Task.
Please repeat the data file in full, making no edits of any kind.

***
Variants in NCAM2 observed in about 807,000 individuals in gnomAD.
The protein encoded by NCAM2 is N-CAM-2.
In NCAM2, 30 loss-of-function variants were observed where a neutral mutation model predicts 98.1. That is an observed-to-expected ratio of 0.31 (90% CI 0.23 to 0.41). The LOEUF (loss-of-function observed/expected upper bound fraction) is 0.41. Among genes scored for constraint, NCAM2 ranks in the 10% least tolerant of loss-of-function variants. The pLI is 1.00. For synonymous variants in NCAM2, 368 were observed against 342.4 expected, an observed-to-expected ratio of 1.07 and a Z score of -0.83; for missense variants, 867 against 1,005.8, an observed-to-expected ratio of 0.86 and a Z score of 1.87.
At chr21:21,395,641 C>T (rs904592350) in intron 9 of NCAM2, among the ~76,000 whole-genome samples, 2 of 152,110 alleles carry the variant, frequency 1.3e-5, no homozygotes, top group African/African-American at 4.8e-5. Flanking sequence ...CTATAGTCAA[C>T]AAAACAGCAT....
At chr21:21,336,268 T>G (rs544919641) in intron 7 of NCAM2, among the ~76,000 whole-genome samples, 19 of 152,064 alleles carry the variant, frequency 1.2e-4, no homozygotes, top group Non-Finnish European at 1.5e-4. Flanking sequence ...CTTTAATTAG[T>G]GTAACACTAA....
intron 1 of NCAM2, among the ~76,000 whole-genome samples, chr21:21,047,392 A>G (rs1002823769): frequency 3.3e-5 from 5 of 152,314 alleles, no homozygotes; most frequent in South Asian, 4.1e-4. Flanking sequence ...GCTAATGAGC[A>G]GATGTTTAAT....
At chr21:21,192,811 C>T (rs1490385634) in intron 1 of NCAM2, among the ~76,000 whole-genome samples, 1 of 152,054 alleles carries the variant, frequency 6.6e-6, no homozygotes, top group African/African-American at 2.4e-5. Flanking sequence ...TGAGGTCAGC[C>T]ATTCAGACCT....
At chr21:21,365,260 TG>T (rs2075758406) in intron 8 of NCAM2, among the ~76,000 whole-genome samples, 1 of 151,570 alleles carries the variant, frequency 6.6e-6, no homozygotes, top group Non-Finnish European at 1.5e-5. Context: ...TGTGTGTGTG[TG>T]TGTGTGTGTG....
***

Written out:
Variants in NCAM2 observed in about 807,000 individuals in gnomAD.
The protein encoded by NCAM2 is N-CAM-2.
In NCAM2, 30 loss-of-function variants were observed where a neutral mutation model predicts 98.1. That is an observed-to-expected ratio of 0.31 (90% CI 0.23 to 0.41). The LOEUF (loss-of-function observed/expected upper bound fraction) is 0.41. Among genes scored for constraint, NCAM2 ranks in the 10% least tolerant of loss-of-function variants. The pLI is 1.00. For synonymous variants in NCAM2, 368 were observed against 342.4 expected, an observed-to-expected ratio of 1.07 and a Z score of -0.83; for missense variants, 867 against 1,005.8, an observed-to-expected ratio of 0.86 and a Z score of 1.87.
At chr21:21,395,641 C>T (rs904592350) in intron 9 of NCAM2, among the ~76,000 whole-genome samples, 2 of 152,110 alleles carry the variant, frequency 1.3e-5, no homozygotes, top group African/African-American at 4.8e-5. Flanking sequence ...CTATAGTCAA[C>T]AAAACAGCAT....
At chr21:21,336,268 T>G (rs544919641) in intron 7 of NCAM2, among the ~76,000 whole-genome samples, 19 of 152,064 alleles carry the variant, frequency 1.2e-4, no homozygotes, top group Non-Finnish European at 1.5e-4. Flanking sequence ...CTTTAATTAG[T>G]GTAACACTAA....
intron 1 of NCAM2, among the ~76,000 whole-genome samples, chr21:21,047,392 A>G (rs1002823769): frequency 3.3e-5 from 5 of 152,314 alleles, no homozygotes; most frequent in South Asian, 4.1e-4. Flanking sequence ...GCTAATGAGC[A>G]GATGTTTAAT....
At chr21:21,192,811 C>T (rs1490385634) in intron 1 of NCAM2, among the ~76,000 whole-genome samples, 1 of 152,054 alleles carries the variant, frequency 6.6e-6, no homozygotes, top group African/African-American at 2.4e-5. Flanking sequence ...TGAGGTCAGC[C>T]ATTCAGACCT....
At chr21:21,365,260 TG>T (rs2075758406) in intron 8 of NCAM2, among the ~76,000 whole-genome samples, 1 of 151,570 alleles carries the variant, frequency 6.6e-6, no homozygotes, top group Non-Finnish European at 1.5e-5. Context: ...TGTGTGTGTG[TG>T]TGTGTGTGTG....